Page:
Federal Reserve officials are sticking with their pledge for patience on interest rates, shrugging off President Donald Trump’s escalating trade war and his pressure for a cut.
New York Fed President John Williams and his Kansas City colleague Esther George, who vote on policy this year, acknowledged that new tariffs on Chinese imports could affect the outlook for US inflation and growth. But both saw no need for the central bank to react.
“Policy is in the right place,” Williams said in a Bloomberg Television interview in Zurich. “I don’t see any reason to have a bias up or downward in the current circumstances. We’re going to evaluate, assess, to see the best decision to get us to our goals.”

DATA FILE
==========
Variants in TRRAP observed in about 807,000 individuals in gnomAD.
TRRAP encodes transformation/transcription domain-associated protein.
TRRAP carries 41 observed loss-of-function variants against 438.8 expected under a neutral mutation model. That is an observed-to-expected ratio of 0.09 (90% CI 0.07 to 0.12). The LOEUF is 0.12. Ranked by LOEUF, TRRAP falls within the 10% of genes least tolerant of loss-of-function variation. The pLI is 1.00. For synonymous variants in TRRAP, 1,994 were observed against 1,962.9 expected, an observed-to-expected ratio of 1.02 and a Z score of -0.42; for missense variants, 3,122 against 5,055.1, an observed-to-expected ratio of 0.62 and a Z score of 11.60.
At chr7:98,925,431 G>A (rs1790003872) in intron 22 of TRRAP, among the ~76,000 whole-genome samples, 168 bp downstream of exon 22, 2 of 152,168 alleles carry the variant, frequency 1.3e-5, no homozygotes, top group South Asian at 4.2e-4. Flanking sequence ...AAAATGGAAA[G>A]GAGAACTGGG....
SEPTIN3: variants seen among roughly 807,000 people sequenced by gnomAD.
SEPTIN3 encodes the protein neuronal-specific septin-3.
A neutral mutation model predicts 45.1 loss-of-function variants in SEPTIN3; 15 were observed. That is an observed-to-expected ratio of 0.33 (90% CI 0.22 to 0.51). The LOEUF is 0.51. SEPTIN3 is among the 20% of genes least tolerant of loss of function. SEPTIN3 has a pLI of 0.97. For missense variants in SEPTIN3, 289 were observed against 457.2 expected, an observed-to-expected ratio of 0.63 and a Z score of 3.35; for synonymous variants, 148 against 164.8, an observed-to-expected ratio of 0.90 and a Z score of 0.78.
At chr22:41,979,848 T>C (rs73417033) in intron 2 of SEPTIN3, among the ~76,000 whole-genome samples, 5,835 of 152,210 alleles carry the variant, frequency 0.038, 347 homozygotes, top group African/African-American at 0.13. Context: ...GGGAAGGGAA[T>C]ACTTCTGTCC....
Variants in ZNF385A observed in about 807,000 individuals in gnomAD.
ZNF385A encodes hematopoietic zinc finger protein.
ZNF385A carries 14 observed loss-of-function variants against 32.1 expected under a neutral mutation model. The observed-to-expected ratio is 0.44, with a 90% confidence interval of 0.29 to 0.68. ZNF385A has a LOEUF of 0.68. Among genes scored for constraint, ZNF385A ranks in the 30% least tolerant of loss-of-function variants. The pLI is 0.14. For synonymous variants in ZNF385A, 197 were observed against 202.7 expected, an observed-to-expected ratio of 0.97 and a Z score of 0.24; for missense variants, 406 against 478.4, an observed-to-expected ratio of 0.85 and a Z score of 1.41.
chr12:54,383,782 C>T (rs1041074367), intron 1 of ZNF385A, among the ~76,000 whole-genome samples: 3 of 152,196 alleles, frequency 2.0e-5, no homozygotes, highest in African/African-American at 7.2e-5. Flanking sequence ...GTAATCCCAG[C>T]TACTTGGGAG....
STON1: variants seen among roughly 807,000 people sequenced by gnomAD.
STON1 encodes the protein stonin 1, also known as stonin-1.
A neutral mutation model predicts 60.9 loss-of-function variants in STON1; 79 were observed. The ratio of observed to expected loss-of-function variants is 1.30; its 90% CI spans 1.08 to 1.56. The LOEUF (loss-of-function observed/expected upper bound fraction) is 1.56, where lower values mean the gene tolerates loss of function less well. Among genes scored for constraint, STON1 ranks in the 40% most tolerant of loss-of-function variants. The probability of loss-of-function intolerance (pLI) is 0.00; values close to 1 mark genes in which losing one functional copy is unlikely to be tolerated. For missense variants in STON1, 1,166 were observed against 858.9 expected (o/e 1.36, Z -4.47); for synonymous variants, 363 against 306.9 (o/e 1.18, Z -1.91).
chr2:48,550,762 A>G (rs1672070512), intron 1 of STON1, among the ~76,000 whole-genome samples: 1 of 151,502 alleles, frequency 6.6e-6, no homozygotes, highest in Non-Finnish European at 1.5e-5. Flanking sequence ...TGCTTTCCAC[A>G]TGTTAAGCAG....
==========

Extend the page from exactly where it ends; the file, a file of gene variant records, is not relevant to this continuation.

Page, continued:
Fed officials held rates steady at their April 30-May 1 meeting and said they will be “patient” on judging the next move in policy after previously signaling they saw no need for a move all year.
“This wait-and-see approach is appropriate because we have not seen upward pressures building on inflation, even though we have experienced above trend growth and a further tightening of labor markets,” George told an audience in Minneapolis.
Investors, on the other hand, have increased their bets that the central bank will cut rates this year after China retaliated against Trump’s tariffs and the US warned there was more to come.
George said she wasn’t ignoring the message from markets. “In the context of an economy that is still growing above potential, the labor market that continues to add jobs, a falling unemployment rate, I don’t see an argument right now for a rate cut,” she said.